One of the still unresolved casualties of the financial crisis was the breakdown in the market for municipal auction rate securities ("ARS"). Sold to many individual investors as a tax free money market alternative with a higher yield, this Wall Street "innovation" left both retail and institutional clients holding the bag when these auctions failed and the sponsoring investment banks failed to support the auctions that had once been very lucrative to their bottom lines. Investors, many of whom were assured that they'd always have access to their funds, were left holding the bag while many of the program dealers who underwrote these securities and ran the auctions were bailed out using taxpayer funds.
In the ensuing years since the financial crisis, attorneys general of many states have forced settlement agreements upon some of marketers of these toxic securities and many issues were restructured. However, there are still many hurting investors whose "money market" investment now has a maturity of 10 to 20 years with no way out. While this part of the story has been told many times, a less visible part of this story hasn't received any press. It's a tale reminiscent of the old adage, "tails I win heads you lose," where program dealers and institutional issuers always win and the investor always loses.
A Tale of Two Municipal ARSs
In the face of a failed ARS auction, one of the most critical aspects of the issue is known as the maximum penalty rate. This is the rate the issuer is required to pay to the holder of the ARS in the event of a failed auction. Let's say an investor did his due diligence and found a municipal ARS that paid 18% in the event of a failed auction. Hey, at that rate many investors would be happy to give up liquidity and hold the security to maturity. Unfortunately, it may not work that way.
Let's examine two weekly reset, municipal ARS, both issued on behalf of companies that are now part of National Grid (NGG). Each has Goldman Sachs listed as either the sole program dealer or a co-program dealer responsible for managing the auction:
Ultimate Underlying Credit
NYS Energy Research and Development Authority
Keyspan Generation, LLC, a National Grid Company
Goldman Sachs (GS)
NYS Energy Research and Development Authority
Brooklyn Union Gas, a National Grid Company
Floating Rate: 250% of 30 Day LIBOR
Each week, a new interest rate is determined through a dutch auction where the lowest rate necessary to clear the buy orders, net of the sell and hold orders, determines the rate the issuer pays to bond holders for the upcoming week. Prior to the financial crisis, the detailed auction results were not disclosed to the investing public. However, with the typical rear view mirror mentality that U.S. regulators seem to operate under, this information is now available to the general public.
Digging through the auction data made available by the MSRB, an interesting revelation comes into focus. It is often the program dealer that sets the maximum rate the issuer must pay, not an arm's length auction process as one would expect when purchasing and holding this security. In the auction below for Issue A, a seller came in for $400,000 while there was only a single bid of $50,000. If Goldman Sachs didn't step in and bid for the entire issue at .90%, National Grid would have been forced to pay the "maximum penalty rate," a whopping interest rate 18% for the upcoming week:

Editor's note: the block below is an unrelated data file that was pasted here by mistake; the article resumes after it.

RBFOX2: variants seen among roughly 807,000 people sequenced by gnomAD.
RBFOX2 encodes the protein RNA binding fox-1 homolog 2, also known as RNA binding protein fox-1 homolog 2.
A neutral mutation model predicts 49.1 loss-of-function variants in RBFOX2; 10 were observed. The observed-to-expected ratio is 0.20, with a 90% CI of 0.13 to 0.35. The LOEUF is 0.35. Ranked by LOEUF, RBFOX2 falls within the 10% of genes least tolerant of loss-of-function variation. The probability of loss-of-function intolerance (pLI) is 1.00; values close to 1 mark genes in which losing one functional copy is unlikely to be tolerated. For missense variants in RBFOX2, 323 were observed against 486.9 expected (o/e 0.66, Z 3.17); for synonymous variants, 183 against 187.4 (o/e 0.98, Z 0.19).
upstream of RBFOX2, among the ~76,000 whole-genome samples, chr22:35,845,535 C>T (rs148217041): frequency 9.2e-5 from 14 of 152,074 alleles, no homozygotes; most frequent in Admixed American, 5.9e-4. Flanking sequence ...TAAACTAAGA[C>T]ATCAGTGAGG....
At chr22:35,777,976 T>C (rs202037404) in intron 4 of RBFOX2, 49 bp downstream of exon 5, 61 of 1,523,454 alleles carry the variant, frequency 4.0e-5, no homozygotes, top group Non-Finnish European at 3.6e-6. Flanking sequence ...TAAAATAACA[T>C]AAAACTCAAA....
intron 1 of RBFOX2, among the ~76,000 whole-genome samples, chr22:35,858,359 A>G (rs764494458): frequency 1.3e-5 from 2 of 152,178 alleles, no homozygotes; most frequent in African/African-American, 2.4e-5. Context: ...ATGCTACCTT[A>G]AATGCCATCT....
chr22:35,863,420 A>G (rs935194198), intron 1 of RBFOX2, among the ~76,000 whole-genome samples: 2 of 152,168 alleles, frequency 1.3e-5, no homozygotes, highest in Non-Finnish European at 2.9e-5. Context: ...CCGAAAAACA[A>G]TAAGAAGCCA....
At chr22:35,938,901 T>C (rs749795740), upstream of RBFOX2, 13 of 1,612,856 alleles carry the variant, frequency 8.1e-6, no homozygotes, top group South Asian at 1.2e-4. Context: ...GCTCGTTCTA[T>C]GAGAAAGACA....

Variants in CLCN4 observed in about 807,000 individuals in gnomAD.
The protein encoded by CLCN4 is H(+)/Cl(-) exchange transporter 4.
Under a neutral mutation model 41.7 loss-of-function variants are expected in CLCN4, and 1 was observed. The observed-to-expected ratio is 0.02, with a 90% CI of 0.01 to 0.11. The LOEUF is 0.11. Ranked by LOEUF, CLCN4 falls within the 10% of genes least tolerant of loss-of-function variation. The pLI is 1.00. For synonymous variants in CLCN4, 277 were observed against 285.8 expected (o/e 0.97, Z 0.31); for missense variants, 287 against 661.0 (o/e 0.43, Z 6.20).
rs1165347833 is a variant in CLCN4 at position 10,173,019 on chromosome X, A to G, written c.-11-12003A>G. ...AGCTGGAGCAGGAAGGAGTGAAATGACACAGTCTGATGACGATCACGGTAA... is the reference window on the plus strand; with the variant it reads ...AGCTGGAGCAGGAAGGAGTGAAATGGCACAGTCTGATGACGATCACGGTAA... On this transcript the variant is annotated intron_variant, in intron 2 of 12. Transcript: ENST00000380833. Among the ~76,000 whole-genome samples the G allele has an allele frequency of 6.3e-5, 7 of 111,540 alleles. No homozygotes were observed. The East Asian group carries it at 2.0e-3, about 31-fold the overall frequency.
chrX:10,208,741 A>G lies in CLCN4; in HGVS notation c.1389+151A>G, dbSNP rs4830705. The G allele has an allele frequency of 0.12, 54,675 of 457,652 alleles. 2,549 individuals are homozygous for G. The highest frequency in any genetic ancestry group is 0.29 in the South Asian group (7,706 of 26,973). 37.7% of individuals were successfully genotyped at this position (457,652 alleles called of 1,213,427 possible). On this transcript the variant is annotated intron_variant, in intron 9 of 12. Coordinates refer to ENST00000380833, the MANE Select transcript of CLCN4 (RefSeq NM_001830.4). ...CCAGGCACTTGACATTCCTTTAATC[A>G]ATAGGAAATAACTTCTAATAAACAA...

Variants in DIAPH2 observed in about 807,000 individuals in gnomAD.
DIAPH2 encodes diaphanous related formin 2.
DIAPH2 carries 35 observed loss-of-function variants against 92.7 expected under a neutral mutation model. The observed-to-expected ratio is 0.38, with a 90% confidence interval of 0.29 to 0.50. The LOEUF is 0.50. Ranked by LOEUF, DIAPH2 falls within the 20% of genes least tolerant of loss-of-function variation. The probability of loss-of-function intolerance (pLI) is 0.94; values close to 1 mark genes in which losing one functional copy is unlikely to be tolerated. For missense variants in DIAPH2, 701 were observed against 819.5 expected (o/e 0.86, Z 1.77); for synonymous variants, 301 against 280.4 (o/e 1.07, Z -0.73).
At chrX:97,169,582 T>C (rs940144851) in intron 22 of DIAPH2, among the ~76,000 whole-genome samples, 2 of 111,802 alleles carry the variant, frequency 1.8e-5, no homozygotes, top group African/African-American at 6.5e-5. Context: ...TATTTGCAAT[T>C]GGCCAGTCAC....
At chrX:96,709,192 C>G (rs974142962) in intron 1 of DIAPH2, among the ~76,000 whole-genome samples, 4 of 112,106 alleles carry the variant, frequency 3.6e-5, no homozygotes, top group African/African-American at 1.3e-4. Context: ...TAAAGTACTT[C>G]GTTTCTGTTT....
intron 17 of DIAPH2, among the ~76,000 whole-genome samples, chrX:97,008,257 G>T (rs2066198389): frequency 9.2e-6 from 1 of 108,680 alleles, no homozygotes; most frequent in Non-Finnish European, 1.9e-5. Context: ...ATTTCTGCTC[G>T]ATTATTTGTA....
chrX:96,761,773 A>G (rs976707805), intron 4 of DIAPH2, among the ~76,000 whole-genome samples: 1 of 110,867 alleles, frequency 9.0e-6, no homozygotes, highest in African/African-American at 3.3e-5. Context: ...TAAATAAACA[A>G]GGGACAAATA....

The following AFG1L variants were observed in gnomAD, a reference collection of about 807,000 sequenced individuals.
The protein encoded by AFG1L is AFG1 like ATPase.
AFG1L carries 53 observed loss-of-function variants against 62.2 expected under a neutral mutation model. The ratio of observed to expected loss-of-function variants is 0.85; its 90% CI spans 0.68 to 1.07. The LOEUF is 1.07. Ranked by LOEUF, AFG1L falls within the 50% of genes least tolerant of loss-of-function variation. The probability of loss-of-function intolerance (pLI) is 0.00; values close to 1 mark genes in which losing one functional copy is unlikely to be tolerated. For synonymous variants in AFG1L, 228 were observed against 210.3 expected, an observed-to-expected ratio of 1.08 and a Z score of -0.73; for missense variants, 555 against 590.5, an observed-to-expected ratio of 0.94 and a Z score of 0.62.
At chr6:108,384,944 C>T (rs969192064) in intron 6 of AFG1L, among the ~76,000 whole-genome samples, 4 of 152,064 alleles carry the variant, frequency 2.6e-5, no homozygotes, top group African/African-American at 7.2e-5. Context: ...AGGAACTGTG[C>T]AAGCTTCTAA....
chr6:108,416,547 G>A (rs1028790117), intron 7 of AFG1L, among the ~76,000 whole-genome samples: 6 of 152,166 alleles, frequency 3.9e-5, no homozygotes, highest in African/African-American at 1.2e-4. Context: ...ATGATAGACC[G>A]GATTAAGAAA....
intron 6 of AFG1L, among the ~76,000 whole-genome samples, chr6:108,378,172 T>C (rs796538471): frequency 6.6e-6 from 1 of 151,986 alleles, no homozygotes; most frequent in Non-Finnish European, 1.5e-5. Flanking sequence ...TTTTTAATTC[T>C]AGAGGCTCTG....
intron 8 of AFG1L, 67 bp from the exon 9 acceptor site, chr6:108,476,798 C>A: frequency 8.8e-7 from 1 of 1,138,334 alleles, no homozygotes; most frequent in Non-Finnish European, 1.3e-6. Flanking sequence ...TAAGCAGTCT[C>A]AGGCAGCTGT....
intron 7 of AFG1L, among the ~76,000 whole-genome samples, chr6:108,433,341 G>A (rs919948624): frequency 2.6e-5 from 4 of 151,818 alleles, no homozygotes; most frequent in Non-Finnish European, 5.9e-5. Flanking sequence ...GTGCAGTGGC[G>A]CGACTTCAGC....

In this case, Goldman Sachs is effectively capping the maximum rate with its bid for the entire issue $41,225,000 at .90% and protecting its institutional client, National Grid, at the expense of the holders of the issue.
Now let's look at the auction results on the same day for Issue B. Many investors have been trying to get out of this supposed liquid investment since the onset of the financial crisis without success. In the auction below, there are sell orders totaling $5,375,000. Yet, with a floating penalty rate set at 250% of 30 day LIBOR, or 0.456%, Goldman Sachs has no reason to protect National Grid and it certainly has no interest in helping the stuck investors. As a result it makes no bid and sellers are stuck with no way out week after week after week as auctions continue to fail.
So what we have here is the typical story of the inequity of the financial crisis. A major U.S. Bank with a credit line to U.S. Taxpayer financing through the Fed window, a company that was bailed out by the U.S Government protects a foreign institution from a structure that could potentially cost it 18% on $41.125 million. Yet, in the case where investors could use some assistance from their flawed financial instrument, Goldman and National Grid are nowhere to be found.
Would it be too much to ask for Goldman Sachs and National Grid to get together, restructure and retire Issue B (it should be easy enough in this low interest rate environment) while at the same time helping holders of $55,000,000 in their illiquid "money market" investments?
What am I thinking? ... forgive me for the thought. This is Wall Street, after all.
Additional disclosure: These are the personal views of Wall Street Titan and should not be used for your investment decisions. This article is believed to be accurate but no guarantee as to its accuracy is implied.